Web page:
the central nervous system

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Offline ukmicky

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the central nervous system
« on: 01/10/2005 16:24:05 »
our bodies are ran via a combination of electrical and chemical processes.

but how do our bodies generate electricity. and how powerful is its charge.

(CYBORGS) Could are bodies eletrical charge  be used to power or control tiny implanted electrical devices for instance.

« Last Edit: 01/10/2005 19:26:40 by ukmicky »


Offline chris

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Re: the central nervous system
« Reply #1 on: 03/10/2005 11:23:29 »
Your brain is burning up enough energy to power a 40W light bulb.

(I base my estimation on the fact that the average human burns energy at the rate of 2W/kg and hence consumes 150W. The brain accounts for up to 25% of the body's oxygen consumption and hence must account for upto 25% of the body's energy consumption. 25% of 150W is about 40W.)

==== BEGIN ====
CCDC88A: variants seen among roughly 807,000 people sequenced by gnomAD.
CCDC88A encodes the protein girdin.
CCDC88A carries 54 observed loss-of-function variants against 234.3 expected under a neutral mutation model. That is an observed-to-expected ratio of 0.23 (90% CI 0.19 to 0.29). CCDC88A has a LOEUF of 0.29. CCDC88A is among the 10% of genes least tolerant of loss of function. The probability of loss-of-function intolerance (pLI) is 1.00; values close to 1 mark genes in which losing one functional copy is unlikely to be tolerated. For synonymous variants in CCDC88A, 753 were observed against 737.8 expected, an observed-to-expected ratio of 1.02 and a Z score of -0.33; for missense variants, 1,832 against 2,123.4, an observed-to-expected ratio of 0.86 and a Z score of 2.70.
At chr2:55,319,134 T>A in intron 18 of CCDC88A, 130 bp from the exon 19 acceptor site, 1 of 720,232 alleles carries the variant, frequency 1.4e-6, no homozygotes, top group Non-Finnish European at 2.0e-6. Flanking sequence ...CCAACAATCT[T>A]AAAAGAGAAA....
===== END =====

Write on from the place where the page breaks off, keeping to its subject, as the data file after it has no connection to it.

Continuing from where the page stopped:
The nervous system is powered electrically and you can demonstrate this by stimulating the brain using a magnet (which induces electrical currents in nerve cells), or directly with an electrified probe.

The electrical activity of nerve cells is achieved by pumping positively charged particles, referred to as ions, out of the cell, leaving the inside of the cell with a net negative charge.

When the cell becomes active, for instance to relay a message telling you to move your left thumb, channels embedded in the cell membrane open up to allow the positive ions outside to flood in and trigger the cell. This process is known as depolarisation.

It's very energy-hungry, which is why the brain burns off so many of the calories you eat each day.


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I never forget a face, but in your case I'll make an exception - Groucho Marx